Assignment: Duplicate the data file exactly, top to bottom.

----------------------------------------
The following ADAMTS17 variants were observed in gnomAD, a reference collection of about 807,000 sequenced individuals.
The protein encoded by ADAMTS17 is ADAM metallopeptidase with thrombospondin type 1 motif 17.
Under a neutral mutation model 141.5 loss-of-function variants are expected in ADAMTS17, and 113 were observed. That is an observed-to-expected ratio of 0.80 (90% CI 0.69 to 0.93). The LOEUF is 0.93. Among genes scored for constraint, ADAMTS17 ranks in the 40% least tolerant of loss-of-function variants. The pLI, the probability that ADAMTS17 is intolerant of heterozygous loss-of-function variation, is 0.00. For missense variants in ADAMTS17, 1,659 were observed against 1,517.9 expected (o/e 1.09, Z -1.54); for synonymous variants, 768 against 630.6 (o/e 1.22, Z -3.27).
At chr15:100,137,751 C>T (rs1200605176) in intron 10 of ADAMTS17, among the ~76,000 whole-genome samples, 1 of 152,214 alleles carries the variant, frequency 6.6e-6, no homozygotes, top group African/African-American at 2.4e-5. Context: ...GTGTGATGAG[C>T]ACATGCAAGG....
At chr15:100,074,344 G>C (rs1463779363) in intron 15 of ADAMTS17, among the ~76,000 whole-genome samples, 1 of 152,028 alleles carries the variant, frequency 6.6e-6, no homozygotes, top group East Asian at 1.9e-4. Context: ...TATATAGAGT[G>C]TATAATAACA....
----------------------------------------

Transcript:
The following ADAMTS17 variants were observed in gnomAD, a reference collection of about 807,000 sequenced individuals.
The protein encoded by ADAMTS17 is ADAM metallopeptidase with thrombospondin type 1 motif 17.
Under a neutral mutation model 141.5 loss-of-function variants are expected in ADAMTS17, and 113 were observed. That is an observed-to-expected ratio of 0.80 (90% CI 0.69 to 0.93). The LOEUF is 0.93. Among genes scored for constraint, ADAMTS17 ranks in the 40% least tolerant of loss-of-function variants. The pLI, the probability that ADAMTS17 is intolerant of heterozygous loss-of-function variation, is 0.00. For missense variants in ADAMTS17, 1,659 were observed against 1,517.9 expected (o/e 1.09, Z -1.54); for synonymous variants, 768 against 630.6 (o/e 1.22, Z -3.27).
At chr15:100,137,751 C>T (rs1200605176) in intron 10 of ADAMTS17, among the ~76,000 whole-genome samples, 1 of 152,214 alleles carries the variant, frequency 6.6e-6, no homozygotes, top group African/African-American at 2.4e-5. Context: ...GTGTGATGAG[C>T]ACATGCAAGG....
At chr15:100,074,344 G>C (rs1463779363) in intron 15 of ADAMTS17, among the ~76,000 whole-genome samples, 1 of 152,028 alleles carries the variant, frequency 6.6e-6, no homozygotes, top group East Asian at 1.9e-4. Context: ...TATATAGAGT[G>C]TATAATAACA....